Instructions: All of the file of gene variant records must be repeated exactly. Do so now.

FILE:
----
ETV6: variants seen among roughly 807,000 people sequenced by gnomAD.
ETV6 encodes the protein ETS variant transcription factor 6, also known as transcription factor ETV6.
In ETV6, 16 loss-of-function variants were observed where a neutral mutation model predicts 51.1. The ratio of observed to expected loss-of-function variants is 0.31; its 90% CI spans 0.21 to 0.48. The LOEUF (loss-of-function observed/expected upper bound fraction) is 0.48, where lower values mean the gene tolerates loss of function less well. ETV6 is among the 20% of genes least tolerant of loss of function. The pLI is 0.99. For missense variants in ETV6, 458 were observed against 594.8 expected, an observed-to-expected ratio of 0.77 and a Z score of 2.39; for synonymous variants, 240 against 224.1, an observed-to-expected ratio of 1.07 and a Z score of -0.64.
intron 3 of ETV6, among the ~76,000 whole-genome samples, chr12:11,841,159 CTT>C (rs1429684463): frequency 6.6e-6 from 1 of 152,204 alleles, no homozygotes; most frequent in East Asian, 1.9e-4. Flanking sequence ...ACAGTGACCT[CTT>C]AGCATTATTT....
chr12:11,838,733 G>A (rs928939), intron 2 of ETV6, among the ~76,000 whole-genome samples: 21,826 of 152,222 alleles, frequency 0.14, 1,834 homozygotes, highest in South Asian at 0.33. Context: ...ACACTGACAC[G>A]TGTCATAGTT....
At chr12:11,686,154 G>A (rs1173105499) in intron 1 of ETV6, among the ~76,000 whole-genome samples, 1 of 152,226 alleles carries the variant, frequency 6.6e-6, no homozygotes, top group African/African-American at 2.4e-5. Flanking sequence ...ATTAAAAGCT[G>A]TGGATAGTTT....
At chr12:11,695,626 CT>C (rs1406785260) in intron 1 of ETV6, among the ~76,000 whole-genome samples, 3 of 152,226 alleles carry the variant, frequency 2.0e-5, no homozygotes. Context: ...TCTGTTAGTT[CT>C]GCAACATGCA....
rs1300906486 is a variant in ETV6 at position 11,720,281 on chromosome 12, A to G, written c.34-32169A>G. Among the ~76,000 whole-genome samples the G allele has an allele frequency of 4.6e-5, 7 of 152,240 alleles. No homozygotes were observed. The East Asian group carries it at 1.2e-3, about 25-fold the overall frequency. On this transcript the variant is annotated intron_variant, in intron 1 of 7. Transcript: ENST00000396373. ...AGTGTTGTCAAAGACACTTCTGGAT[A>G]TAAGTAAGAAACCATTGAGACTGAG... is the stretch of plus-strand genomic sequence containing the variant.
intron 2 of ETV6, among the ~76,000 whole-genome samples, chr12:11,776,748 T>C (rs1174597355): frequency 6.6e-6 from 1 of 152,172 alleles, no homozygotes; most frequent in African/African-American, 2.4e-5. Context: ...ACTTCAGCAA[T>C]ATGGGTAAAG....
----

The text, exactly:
ETV6: variants seen among roughly 807,000 people sequenced by gnomAD.
ETV6 encodes the protein ETS variant transcription factor 6, also known as transcription factor ETV6.
In ETV6, 16 loss-of-function variants were observed where a neutral mutation model predicts 51.1. The ratio of observed to expected loss-of-function variants is 0.31; its 90% CI spans 0.21 to 0.48. The LOEUF (loss-of-function observed/expected upper bound fraction) is 0.48, where lower values mean the gene tolerates loss of function less well. ETV6 is among the 20% of genes least tolerant of loss of function. The pLI is 0.99. For missense variants in ETV6, 458 were observed against 594.8 expected, an observed-to-expected ratio of 0.77 and a Z score of 2.39; for synonymous variants, 240 against 224.1, an observed-to-expected ratio of 1.07 and a Z score of -0.64.
intron 3 of ETV6, among the ~76,000 whole-genome samples, chr12:11,841,159 CTT>C (rs1429684463): frequency 6.6e-6 from 1 of 152,204 alleles, no homozygotes; most frequent in East Asian, 1.9e-4. Flanking sequence ...ACAGTGACCT[CTT>C]AGCATTATTT....
chr12:11,838,733 G>A (rs928939), intron 2 of ETV6, among the ~76,000 whole-genome samples: 21,826 of 152,222 alleles, frequency 0.14, 1,834 homozygotes, highest in South Asian at 0.33. Context: ...ACACTGACAC[G>A]TGTCATAGTT....
At chr12:11,686,154 G>A (rs1173105499) in intron 1 of ETV6, among the ~76,000 whole-genome samples, 1 of 152,226 alleles carries the variant, frequency 6.6e-6, no homozygotes, top group African/African-American at 2.4e-5. Flanking sequence ...ATTAAAAGCT[G>A]TGGATAGTTT....
At chr12:11,695,626 CT>C (rs1406785260) in intron 1 of ETV6, among the ~76,000 whole-genome samples, 3 of 152,226 alleles carry the variant, frequency 2.0e-5, no homozygotes. Context: ...TCTGTTAGTT[CT>C]GCAACATGCA....
rs1300906486 is a variant in ETV6 at position 11,720,281 on chromosome 12, A to G, written c.34-32169A>G. Among the ~76,000 whole-genome samples the G allele has an allele frequency of 4.6e-5, 7 of 152,240 alleles. No homozygotes were observed. The East Asian group carries it at 1.2e-3, about 25-fold the overall frequency. On this transcript the variant is annotated intron_variant, in intron 1 of 7. Transcript: ENST00000396373. ...AGTGTTGTCAAAGACACTTCTGGAT[A>G]TAAGTAAGAAACCATTGAGACTGAG... is the stretch of plus-strand genomic sequence containing the variant.
intron 2 of ETV6, among the ~76,000 whole-genome samples, chr12:11,776,748 T>C (rs1174597355): frequency 6.6e-6 from 1 of 152,172 alleles, no homozygotes; most frequent in African/African-American, 2.4e-5. Context: ...ACTTCAGCAA[T>C]ATGGGTAAAG....